Girls of Steel, FRC Team #3504 of Pittsburgh, Pennsylvania, has now held three events with local Girl Scout Troops. Since Girls of Steel and the Girl Scout organization have similar missions in boosting the confidence of youth girls and giving them new experiences and exposure to new ideas, it seemed like a great connection to make. After doing a tour of our workspace with a group of Girl Scouts last winter, and since the Girl Scouts organization recently launched new STEM badges which included three for both Daisies and Brownies, we decided to give local scouts the opportunity to earn these badges with our help.
On May 6th, about 35 Daisies from 5 different troops came to Carnegie Mellon University to earn the “What Robots Do” badge. On December 16th we held another similar event where twelve Daisies earned the “What Robots Do” badge, and four Brownies earned the “Showcasing Robots” badge.
With the Daisies, we discussed the purpose of robots and the work of engineers. To define the job of an engineer, someone who solves problems with inventions, we explored these questions with the scouts: .
WHAT is the problem that needs to be solved?
WHO HAS the problem that needs to be solved?
WHY is this problem important to solve?
With these questions in mind, the Daisies broke off into small groups to brainstorm scenarios that would be the job of an engineer to solve. Some of their ideas included building homes for the homeless, having a personal maid, and packing their lunches for school.
As we delved into an explanation of algorithms, the Daisies completed two activities. To show the importance of good instruction we used a sketch of a robot face with simple shapes and without showing the scouts our sample, we gave them inadequate instructions to draw the same picture. We simple told them what shapes to draw, not how to place them or what size the shapes should be. In the end many girls had random squares and circles of different sizes strewn about their paper. They were surprised to see that our picture was cohesive and appeared to be a face. This activity highlighted the fact that an algorithm must be perfectly specific in order for the robot to successfully complete the task, since a machine is only as smart as the instructions that it is given. Then, in another activity, they “planted” daisies (to coordinate with the Girl Scout brand) in pots in a systematic fashion to simulate how an algorithm works. In small groups, a few girls would work together to use their given tools and ingredients (shovels, gardening gloves, pots, “sun”, “water”, “dirt” and plastic daisies) to pot a daisy, but only with instruction of precisely how to do so from their teammates.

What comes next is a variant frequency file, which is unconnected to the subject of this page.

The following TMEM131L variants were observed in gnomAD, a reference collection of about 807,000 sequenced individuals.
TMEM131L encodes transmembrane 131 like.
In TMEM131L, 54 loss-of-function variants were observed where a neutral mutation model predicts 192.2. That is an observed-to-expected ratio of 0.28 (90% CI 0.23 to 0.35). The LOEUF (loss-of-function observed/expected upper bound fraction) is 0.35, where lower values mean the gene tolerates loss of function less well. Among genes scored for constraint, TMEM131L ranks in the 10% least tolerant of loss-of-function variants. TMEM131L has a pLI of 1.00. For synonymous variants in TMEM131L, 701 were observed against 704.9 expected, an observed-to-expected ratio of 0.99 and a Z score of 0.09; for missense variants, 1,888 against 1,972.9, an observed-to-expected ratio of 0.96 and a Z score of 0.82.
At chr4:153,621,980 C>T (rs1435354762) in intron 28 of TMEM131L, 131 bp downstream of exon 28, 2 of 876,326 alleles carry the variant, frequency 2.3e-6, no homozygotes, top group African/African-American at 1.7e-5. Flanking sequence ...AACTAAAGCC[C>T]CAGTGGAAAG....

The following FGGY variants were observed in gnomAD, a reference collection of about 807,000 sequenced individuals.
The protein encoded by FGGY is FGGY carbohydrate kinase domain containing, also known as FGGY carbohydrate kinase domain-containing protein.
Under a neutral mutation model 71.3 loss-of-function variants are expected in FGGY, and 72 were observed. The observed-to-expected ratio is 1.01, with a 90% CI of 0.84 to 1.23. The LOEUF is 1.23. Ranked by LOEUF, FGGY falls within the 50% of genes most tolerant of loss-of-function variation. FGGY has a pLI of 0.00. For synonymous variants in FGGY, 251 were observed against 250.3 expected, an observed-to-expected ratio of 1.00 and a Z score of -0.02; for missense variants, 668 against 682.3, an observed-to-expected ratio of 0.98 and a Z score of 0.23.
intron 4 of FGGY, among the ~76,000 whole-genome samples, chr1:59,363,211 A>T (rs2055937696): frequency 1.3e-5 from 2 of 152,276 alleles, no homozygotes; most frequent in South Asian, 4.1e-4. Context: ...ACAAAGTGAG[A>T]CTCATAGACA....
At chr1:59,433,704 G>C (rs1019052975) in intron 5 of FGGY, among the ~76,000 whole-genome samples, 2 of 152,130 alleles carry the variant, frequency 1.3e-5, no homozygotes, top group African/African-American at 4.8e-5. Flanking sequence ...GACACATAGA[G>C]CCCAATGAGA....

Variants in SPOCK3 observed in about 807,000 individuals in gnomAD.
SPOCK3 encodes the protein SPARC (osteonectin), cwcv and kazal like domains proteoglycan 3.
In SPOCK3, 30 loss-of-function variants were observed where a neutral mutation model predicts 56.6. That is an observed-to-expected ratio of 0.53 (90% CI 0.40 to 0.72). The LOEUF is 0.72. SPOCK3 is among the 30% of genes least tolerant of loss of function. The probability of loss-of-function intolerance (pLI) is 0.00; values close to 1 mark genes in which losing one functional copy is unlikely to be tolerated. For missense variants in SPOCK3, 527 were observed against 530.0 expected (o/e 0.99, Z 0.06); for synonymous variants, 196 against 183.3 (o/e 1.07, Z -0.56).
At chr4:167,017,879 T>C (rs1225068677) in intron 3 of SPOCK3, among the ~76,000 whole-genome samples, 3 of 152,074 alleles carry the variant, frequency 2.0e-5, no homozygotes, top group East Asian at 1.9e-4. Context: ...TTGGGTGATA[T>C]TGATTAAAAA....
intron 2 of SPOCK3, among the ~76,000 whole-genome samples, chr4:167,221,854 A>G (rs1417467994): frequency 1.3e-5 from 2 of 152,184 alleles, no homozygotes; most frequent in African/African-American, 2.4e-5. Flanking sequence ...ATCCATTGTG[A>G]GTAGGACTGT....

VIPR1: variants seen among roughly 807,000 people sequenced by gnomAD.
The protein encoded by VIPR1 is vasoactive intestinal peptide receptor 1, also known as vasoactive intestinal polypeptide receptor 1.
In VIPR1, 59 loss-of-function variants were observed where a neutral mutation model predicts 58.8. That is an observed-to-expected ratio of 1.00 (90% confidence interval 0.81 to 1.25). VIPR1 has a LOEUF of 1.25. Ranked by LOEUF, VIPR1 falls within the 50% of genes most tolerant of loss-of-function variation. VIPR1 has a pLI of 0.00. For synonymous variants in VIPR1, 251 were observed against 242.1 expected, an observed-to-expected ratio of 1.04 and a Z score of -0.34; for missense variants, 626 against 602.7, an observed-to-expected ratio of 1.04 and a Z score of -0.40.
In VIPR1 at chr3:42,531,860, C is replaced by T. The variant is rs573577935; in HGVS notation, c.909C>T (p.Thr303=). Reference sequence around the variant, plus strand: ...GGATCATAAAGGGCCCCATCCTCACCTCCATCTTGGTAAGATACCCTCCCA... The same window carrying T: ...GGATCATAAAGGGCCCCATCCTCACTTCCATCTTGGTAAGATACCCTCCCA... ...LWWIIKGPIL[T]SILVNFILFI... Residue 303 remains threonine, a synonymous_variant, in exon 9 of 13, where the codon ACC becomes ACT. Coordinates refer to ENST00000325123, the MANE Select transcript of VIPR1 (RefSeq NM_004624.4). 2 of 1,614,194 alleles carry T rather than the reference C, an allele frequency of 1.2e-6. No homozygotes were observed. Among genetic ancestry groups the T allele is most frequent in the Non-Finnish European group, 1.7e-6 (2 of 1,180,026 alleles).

We then did a quick foundational lesson on mechanical and programming vocabulary and the use of robots in the real world, before we had the Daisies design their own robots that would solve the issue that they had defined at the beginning of the workshop. They brainstormed with their groups and drew colorful robots with creative mechanisms that would build beautiful homes for people that do not have one, and save them from their chores at home. They named their robots, and presented their ideas to the group.
With the remaining time, we brought the scouts to our workspace so we could introduce them to our robot, MO.
With the Brownies earning the “Showcasing Robots” badge, we also discussed the purpose of robots, as we highlighted the biomimicry industry. We identified the link between nature and many of today’s inventions and learned about how RoboBees can soon become an important part of our world. Then, we explained our team’s structure and mission as well as describing each level of FIRST (to hopefully entice them to join one!). Then the Brownies collaborated to complete our Chassis Project which is a pre-fabricated plate and standoff chassis that can be built and ready to drive in a little over an hour. The girls successfully completed the chassis, each drove it around the room, and were able to explain their process and identify the different parts and tools that they used while building.
To commemorate each event, we gave the girls “Girls of Steel” patches for the back of their vests! These events were very successful, and we look forward to doing another one and seeing some of the scouts on a FIRST team one day!
Here are some tips for running a Girl Scouts Robotics Badge Workshop! Feel free to email us at firstname.lastname@example.org if you have any questions!
To earn “What Robots Do” for Daisies
To earn “Showcasing Robots” for Brownies
This blog was written by Langley from FRC Team Girls of Steel (FRC 3504). If you are interested in blogging for FIRST Ladies, click here to sign up on the schedule!
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